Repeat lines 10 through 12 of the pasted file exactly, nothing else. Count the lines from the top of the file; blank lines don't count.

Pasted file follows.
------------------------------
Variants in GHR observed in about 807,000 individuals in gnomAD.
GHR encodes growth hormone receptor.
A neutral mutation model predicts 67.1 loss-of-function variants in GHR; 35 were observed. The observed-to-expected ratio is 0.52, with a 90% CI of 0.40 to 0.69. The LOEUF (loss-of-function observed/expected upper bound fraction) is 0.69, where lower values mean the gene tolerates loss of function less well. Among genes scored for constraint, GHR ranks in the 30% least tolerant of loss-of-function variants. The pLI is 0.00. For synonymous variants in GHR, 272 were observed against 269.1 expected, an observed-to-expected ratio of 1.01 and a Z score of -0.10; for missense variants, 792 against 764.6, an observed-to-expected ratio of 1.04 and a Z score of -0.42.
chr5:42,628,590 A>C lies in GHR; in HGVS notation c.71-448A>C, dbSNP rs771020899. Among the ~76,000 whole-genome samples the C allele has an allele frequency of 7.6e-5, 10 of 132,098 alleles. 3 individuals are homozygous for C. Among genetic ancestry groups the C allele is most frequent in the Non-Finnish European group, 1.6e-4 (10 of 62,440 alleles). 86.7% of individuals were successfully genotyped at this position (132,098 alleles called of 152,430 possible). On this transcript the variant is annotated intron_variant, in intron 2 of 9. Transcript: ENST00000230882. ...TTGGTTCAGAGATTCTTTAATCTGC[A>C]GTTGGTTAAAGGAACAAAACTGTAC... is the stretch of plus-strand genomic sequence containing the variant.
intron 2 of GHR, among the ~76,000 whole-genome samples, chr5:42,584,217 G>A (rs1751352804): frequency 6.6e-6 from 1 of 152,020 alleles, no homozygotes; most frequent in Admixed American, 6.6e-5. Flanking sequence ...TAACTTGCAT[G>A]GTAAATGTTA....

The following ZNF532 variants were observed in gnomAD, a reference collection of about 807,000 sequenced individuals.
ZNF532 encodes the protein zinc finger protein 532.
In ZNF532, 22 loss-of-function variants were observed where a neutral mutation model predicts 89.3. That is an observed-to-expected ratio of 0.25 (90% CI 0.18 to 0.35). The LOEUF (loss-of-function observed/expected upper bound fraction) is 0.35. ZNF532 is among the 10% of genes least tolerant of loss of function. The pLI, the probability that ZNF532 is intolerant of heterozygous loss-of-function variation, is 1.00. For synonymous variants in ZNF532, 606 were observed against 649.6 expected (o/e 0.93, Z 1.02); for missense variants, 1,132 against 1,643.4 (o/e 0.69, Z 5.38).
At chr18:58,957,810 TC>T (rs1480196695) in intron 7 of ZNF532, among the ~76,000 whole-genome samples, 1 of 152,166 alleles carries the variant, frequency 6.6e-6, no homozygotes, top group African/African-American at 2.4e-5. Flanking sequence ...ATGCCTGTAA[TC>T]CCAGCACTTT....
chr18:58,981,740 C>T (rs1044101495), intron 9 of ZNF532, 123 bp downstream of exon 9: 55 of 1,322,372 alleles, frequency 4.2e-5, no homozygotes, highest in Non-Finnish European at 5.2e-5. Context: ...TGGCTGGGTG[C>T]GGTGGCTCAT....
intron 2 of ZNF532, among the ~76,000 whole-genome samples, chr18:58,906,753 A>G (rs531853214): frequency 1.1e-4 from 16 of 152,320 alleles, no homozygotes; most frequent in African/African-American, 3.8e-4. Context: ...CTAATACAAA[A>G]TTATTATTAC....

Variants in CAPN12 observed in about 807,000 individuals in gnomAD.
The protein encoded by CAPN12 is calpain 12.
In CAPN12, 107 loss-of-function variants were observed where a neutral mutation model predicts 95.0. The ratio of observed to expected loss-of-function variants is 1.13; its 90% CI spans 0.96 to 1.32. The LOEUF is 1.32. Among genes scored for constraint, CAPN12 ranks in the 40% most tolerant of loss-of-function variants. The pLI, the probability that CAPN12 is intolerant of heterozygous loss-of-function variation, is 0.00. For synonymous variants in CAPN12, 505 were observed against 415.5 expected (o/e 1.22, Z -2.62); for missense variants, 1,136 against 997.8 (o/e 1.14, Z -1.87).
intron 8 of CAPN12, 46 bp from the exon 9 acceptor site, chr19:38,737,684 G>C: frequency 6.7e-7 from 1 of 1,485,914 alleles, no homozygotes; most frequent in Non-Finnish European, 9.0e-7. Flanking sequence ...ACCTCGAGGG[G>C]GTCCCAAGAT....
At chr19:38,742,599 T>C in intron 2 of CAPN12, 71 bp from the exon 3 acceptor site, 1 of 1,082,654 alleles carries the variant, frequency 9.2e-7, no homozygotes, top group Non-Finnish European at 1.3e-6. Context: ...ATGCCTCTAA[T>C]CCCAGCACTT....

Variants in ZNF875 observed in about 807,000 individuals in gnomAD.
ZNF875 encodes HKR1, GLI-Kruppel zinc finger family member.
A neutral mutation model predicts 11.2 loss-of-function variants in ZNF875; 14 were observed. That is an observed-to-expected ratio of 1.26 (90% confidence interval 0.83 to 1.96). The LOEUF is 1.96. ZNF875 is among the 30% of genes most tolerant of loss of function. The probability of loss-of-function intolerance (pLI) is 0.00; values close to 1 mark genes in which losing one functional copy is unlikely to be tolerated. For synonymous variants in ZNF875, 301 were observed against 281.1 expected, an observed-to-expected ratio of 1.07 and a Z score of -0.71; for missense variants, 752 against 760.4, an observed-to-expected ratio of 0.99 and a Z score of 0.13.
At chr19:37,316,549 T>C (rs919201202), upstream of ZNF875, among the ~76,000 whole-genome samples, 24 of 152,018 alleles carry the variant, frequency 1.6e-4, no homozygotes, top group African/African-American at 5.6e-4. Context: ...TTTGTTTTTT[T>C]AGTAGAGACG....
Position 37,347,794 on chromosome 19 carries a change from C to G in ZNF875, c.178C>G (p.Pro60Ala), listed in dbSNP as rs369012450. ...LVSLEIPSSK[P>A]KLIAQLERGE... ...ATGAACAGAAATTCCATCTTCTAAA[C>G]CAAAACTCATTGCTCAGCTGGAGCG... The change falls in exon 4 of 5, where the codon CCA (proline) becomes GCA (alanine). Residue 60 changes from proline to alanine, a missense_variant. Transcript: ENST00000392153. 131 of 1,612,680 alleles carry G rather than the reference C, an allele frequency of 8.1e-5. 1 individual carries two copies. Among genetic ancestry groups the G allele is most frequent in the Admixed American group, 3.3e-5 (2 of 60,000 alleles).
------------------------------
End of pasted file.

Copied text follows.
chr18:58,981,740 C>T (rs1044101495), intron 9 of ZNF532, 123 bp downstream of exon 9: 55 of 1,322,372 alleles, frequency 4.2e-5, no homozygotes, highest in Non-Finnish European at 5.2e-5. Context: ...TGGCTGGGTG[C>T]GGTGGCTCAT....
intron 2 of ZNF532, among the ~76,000 whole-genome samples, chr18:58,906,753 A>G (rs531853214): frequency 1.1e-4 from 16 of 152,320 alleles, no homozygotes; most frequent in African/African-American, 3.8e-4. Context: ...CTAATACAAA[A>G]TTATTATTAC....

Variants in CAPN12 observed in about 807,000 individuals in gnomAD.